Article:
At Exactly 9:47am Monday, The B-Town Blog Wishes You Happy Winter Solstice!
Monday, Dec. 21st will be the “shortest day of the year” as the annual Winter Solstice happens at precisely 9:47am PST, marking the beginning of Winter for us Earthly Northern Hemispherians.
At 9:47am, the Sun will be directly over the Tropic of Capricorn, which is about 23.5 degrees south of the equator. As the earth rotates around the Sun on its tilted axis, the Northern Hemisphere “leans away” from sunlight, making for “shorter days” and colder temperatures.
Winter Solstice is often referred to as “the shortest day of the year,” but that’s wrong â€“ it still contains 24 hours, ya silly goose. It just has the least amount of sunlight. So stop calling it the “shortest,” will ya? You’re giving the Earth a “short day complex.” Next thing ya know, it’ll be driving a big truck.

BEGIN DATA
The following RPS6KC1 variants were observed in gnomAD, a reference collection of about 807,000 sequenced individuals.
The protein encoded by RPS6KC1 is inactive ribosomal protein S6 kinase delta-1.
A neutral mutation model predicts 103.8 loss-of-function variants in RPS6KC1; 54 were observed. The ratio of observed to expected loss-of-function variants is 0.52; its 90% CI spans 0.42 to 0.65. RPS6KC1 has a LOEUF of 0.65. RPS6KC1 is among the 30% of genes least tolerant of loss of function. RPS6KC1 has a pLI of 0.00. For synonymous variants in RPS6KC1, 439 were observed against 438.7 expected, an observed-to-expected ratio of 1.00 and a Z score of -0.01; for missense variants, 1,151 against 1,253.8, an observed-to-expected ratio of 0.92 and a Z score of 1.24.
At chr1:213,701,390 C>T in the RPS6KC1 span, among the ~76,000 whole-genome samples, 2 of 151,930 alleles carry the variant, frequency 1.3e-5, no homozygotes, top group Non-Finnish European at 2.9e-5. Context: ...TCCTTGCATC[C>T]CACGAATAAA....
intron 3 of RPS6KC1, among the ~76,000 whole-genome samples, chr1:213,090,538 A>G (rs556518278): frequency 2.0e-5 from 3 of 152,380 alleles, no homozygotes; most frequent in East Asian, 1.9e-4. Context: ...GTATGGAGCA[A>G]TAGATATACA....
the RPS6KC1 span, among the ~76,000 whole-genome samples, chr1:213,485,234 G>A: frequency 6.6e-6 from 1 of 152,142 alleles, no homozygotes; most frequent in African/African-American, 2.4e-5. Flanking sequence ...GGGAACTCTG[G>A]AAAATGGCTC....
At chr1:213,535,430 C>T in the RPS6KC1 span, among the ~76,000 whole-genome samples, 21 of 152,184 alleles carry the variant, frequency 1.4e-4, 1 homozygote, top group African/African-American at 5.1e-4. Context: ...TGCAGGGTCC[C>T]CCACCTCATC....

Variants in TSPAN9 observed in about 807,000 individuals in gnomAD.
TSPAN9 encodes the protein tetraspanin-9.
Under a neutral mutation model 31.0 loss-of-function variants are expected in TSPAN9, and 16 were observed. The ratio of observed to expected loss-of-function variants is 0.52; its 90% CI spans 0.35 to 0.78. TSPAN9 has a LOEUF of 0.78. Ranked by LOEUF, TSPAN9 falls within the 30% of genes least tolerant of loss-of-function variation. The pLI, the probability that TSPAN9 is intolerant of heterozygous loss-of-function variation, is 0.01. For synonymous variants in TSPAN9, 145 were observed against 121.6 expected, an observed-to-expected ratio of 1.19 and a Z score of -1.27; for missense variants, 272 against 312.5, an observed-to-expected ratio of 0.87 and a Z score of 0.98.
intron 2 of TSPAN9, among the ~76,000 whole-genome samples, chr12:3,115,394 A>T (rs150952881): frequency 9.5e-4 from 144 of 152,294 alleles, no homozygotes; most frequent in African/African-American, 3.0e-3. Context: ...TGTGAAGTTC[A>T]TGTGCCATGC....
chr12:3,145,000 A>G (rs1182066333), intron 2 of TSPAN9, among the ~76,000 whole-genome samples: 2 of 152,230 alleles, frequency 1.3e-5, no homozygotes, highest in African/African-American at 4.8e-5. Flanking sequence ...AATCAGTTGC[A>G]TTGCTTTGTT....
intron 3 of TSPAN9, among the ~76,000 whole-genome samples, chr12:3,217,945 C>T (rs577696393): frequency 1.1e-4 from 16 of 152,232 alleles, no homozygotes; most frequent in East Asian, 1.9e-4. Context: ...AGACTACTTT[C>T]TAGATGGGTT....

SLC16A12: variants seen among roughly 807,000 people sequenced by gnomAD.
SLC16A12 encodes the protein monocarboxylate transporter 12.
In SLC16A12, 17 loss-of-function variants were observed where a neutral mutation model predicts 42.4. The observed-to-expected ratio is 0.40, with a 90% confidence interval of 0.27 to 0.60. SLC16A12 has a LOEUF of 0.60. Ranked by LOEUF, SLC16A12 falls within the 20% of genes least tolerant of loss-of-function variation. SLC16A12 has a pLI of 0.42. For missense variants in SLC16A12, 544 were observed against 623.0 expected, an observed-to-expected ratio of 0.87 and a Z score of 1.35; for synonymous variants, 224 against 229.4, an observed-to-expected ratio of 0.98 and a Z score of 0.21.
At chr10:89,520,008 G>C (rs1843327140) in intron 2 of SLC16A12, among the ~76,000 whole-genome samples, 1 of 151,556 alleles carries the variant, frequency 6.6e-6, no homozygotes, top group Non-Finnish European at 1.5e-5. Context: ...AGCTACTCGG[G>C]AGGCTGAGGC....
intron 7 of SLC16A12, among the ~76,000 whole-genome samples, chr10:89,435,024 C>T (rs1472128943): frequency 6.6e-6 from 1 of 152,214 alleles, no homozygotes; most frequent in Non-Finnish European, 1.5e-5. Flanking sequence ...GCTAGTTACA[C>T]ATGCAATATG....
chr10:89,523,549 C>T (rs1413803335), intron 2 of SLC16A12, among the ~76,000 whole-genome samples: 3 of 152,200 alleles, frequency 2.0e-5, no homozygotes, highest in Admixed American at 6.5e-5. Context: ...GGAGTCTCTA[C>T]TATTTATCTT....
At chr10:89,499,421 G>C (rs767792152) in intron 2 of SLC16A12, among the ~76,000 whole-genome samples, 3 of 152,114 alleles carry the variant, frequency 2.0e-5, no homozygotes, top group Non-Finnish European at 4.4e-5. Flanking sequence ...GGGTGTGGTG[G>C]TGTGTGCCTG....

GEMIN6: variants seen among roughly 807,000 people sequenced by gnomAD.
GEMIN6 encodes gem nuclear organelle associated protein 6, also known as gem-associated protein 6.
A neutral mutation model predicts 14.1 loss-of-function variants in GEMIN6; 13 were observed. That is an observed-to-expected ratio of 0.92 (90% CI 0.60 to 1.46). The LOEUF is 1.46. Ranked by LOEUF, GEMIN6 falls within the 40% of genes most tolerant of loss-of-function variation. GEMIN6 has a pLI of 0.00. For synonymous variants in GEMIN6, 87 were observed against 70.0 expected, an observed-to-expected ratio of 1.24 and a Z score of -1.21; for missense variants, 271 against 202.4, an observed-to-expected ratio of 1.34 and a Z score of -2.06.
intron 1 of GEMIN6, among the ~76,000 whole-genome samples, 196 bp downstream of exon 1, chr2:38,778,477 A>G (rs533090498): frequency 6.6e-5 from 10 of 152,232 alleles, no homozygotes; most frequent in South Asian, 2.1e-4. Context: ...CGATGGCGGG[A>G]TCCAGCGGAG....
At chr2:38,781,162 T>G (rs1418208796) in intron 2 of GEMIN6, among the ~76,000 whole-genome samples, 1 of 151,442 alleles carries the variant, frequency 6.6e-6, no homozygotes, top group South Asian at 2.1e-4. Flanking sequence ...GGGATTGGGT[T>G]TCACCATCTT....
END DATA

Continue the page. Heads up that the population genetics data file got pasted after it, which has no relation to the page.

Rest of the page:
Some fun Winter Solstice facts:
- While most Winter Solstices occur on Dec. 21st, there have been years when the solstices have occurred on Dec. 20th and/or Dec. 23rd, but this is fairly rare. The last Dec. 23rd solstice occurred in 1903 and will not occur again until the year 2303. A Dec. 20 solstice has occurred very rarely, with the next one occurring in the year 2080. So mark your Outlook Calendars now.
- Winter solsticeâ€™s varying dates are mainly due to the calendar system with 365 days in a year with 366 in a leap year.
- Solstice is a Latin word which means “sun stands still,” referring to the appearance that the Sun’s noontime elevation change stops its progress, either northerly or southerly.
- Solstices occur twice a year â€“ Dec. 21st and June 21st, because our planet is tilted by an average of 23.5 degrees as it orbits the sun â€“ the same phenomenon that drives the seasons.
So…Happy Winter Solstice to one and all! And remember, the days will all be getting longer from now until June 21st!